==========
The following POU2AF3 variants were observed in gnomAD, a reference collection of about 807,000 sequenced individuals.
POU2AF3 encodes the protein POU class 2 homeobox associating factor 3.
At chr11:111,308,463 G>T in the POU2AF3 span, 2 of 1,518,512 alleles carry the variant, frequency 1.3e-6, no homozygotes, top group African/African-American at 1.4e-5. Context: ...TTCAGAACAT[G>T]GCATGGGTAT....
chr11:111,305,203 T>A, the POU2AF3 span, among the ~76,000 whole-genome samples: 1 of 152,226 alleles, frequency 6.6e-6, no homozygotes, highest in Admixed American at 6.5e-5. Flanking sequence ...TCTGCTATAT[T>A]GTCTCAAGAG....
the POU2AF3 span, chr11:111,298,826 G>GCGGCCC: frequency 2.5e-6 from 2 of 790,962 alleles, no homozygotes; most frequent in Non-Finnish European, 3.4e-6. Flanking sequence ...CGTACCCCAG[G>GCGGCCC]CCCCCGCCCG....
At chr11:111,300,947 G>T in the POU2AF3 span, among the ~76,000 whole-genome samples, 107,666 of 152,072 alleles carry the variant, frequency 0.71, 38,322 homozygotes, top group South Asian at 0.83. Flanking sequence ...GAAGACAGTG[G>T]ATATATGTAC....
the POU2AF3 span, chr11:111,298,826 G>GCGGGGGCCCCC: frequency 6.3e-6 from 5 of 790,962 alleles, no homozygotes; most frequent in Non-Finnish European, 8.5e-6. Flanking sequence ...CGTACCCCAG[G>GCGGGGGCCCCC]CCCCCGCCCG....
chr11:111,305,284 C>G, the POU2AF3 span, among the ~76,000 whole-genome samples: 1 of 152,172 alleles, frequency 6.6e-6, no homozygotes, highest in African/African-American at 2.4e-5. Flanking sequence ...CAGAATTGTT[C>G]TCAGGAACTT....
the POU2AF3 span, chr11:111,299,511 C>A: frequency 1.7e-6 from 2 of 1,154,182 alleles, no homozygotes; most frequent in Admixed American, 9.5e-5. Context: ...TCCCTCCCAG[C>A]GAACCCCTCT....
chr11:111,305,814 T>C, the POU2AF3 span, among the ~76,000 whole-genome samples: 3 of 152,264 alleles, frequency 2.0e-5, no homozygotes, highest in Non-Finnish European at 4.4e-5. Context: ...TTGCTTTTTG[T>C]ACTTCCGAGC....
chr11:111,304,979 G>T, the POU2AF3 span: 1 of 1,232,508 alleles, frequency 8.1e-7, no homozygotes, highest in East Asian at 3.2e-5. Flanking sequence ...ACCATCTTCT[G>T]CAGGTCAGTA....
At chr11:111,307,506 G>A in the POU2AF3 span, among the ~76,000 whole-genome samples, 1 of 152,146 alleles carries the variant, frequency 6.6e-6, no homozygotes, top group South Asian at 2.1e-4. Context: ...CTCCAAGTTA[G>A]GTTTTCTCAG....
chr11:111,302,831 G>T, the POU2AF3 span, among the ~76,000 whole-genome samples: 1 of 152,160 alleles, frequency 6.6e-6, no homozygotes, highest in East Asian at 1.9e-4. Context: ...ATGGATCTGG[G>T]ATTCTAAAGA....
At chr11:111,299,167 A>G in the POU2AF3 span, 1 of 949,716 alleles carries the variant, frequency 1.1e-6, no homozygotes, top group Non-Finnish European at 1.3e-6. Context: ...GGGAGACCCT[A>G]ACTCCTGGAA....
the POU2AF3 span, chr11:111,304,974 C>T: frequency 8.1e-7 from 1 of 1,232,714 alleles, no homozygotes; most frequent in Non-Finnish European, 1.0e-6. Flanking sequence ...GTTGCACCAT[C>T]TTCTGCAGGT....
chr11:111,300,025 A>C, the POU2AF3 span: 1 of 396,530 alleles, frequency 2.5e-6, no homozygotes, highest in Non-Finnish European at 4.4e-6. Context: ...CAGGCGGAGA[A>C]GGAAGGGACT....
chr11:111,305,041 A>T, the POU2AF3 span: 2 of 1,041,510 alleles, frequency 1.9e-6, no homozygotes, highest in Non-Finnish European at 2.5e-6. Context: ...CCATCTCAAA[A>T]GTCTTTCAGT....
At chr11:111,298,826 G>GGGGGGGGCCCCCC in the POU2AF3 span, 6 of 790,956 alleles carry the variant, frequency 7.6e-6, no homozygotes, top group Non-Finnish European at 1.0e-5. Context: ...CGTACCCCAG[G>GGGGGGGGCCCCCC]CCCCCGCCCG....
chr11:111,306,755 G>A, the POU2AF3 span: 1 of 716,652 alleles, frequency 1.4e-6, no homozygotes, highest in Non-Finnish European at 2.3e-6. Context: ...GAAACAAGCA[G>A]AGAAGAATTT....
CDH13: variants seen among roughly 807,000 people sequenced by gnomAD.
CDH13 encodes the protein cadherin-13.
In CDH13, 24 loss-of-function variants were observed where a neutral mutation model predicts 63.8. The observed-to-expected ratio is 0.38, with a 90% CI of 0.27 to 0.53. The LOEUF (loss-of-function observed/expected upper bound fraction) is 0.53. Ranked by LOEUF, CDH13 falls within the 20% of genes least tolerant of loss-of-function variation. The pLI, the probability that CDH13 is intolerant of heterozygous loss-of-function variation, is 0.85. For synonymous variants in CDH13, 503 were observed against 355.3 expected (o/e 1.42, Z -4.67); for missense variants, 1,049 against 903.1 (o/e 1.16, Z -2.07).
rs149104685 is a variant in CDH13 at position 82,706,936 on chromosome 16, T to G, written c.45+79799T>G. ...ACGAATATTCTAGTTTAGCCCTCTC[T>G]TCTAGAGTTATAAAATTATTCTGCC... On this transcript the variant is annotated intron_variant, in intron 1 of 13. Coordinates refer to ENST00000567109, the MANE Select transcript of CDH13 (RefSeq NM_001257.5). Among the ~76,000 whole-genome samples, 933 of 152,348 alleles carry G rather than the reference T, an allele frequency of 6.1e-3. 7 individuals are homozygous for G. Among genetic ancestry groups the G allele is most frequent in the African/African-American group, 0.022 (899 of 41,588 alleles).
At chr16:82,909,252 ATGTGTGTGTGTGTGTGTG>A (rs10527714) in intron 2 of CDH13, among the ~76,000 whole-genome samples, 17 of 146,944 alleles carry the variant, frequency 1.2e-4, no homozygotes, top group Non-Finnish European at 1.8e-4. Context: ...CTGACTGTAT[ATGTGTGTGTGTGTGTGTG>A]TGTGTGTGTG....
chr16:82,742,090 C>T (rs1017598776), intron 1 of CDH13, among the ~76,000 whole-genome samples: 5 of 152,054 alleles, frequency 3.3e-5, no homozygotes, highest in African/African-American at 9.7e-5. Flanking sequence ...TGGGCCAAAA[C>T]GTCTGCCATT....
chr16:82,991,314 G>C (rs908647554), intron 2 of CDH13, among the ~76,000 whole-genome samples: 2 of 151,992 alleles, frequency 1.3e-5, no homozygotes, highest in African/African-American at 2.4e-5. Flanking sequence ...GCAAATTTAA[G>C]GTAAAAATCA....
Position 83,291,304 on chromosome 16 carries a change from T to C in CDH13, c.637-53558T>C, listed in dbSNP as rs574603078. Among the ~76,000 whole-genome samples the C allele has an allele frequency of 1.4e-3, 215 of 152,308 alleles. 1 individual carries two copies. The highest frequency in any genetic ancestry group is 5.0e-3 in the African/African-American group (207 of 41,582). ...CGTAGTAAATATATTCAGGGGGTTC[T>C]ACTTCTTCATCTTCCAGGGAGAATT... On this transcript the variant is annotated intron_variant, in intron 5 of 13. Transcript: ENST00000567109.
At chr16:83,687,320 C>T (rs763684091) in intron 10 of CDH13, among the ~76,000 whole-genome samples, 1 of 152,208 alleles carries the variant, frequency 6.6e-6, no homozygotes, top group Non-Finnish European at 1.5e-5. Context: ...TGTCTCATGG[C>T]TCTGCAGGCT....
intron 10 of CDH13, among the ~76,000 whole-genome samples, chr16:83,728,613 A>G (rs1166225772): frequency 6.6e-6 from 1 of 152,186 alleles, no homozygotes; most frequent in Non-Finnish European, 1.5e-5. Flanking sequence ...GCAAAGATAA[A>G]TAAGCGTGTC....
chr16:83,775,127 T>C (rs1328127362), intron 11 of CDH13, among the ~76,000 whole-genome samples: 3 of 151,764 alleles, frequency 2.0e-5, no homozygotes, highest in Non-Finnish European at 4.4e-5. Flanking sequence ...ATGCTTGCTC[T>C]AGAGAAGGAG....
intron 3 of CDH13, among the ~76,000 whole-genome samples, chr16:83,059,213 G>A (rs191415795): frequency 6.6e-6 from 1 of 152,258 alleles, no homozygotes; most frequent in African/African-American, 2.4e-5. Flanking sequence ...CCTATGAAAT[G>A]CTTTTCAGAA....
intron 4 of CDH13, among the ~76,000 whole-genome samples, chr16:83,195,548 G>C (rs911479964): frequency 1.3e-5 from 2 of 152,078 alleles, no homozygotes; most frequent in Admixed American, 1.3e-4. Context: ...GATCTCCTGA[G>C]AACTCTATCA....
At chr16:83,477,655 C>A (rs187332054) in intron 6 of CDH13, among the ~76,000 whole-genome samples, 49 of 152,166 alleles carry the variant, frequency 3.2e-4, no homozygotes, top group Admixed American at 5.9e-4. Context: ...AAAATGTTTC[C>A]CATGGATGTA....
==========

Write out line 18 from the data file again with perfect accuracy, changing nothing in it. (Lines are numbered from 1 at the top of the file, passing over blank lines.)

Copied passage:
At chr11:111,298,826 G>GGGGGGGGCCCCCC in the POU2AF3 span, 6 of 790,956 alleles carry the variant, frequency 7.6e-6, no homozygotes, top group Non-Finnish European at 1.0e-5. Context: ...CGTACCCCAG[G>GGGGGGGGCCCCCC]CCCCCGCCCG....